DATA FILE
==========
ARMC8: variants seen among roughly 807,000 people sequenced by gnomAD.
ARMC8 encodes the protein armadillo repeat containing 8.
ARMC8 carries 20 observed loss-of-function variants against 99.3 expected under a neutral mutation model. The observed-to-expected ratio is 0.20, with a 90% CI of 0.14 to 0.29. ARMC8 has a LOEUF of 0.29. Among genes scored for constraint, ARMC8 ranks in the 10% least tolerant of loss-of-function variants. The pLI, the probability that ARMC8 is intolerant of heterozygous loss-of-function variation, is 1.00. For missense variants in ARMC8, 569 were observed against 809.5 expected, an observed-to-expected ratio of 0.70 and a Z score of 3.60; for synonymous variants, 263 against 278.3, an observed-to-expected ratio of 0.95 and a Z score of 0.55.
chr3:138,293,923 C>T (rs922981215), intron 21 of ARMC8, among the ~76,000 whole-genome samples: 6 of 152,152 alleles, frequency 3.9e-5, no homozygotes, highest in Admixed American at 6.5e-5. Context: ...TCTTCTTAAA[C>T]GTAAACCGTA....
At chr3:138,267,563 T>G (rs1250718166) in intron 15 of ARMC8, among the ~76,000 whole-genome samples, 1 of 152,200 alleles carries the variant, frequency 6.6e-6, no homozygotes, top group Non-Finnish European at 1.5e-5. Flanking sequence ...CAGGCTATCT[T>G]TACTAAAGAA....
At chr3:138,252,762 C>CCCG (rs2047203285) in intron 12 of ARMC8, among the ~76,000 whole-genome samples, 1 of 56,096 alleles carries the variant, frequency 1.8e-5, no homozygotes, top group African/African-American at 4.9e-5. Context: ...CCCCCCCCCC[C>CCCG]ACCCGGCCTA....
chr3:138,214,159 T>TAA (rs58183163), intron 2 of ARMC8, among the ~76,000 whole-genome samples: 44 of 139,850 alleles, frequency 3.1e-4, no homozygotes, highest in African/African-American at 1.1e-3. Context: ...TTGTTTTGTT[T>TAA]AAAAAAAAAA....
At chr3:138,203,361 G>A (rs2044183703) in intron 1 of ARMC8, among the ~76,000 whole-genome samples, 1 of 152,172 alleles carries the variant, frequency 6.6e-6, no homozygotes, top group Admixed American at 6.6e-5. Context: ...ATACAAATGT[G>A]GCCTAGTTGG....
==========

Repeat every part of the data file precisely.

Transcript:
ARMC8: variants seen among roughly 807,000 people sequenced by gnomAD.
ARMC8 encodes the protein armadillo repeat containing 8.
ARMC8 carries 20 observed loss-of-function variants against 99.3 expected under a neutral mutation model. The observed-to-expected ratio is 0.20, with a 90% CI of 0.14 to 0.29. ARMC8 has a LOEUF of 0.29. Among genes scored for constraint, ARMC8 ranks in the 10% least tolerant of loss-of-function variants. The pLI, the probability that ARMC8 is intolerant of heterozygous loss-of-function variation, is 1.00. For missense variants in ARMC8, 569 were observed against 809.5 expected, an observed-to-expected ratio of 0.70 and a Z score of 3.60; for synonymous variants, 263 against 278.3, an observed-to-expected ratio of 0.95 and a Z score of 0.55.
chr3:138,293,923 C>T (rs922981215), intron 21 of ARMC8, among the ~76,000 whole-genome samples: 6 of 152,152 alleles, frequency 3.9e-5, no homozygotes, highest in Admixed American at 6.5e-5. Context: ...TCTTCTTAAA[C>T]GTAAACCGTA....
At chr3:138,267,563 T>G (rs1250718166) in intron 15 of ARMC8, among the ~76,000 whole-genome samples, 1 of 152,200 alleles carries the variant, frequency 6.6e-6, no homozygotes, top group Non-Finnish European at 1.5e-5. Flanking sequence ...CAGGCTATCT[T>G]TACTAAAGAA....
At chr3:138,252,762 C>CCCG (rs2047203285) in intron 12 of ARMC8, among the ~76,000 whole-genome samples, 1 of 56,096 alleles carries the variant, frequency 1.8e-5, no homozygotes, top group African/African-American at 4.9e-5. Context: ...CCCCCCCCCC[C>CCCG]ACCCGGCCTA....
chr3:138,214,159 T>TAA (rs58183163), intron 2 of ARMC8, among the ~76,000 whole-genome samples: 44 of 139,850 alleles, frequency 3.1e-4, no homozygotes, highest in African/African-American at 1.1e-3. Context: ...TTGTTTTGTT[T>TAA]AAAAAAAAAA....
At chr3:138,203,361 G>A (rs2044183703) in intron 1 of ARMC8, among the ~76,000 whole-genome samples, 1 of 152,172 alleles carries the variant, frequency 6.6e-6, no homozygotes, top group Admixed American at 6.6e-5. Context: ...ATACAAATGT[G>A]GCCTAGTTGG....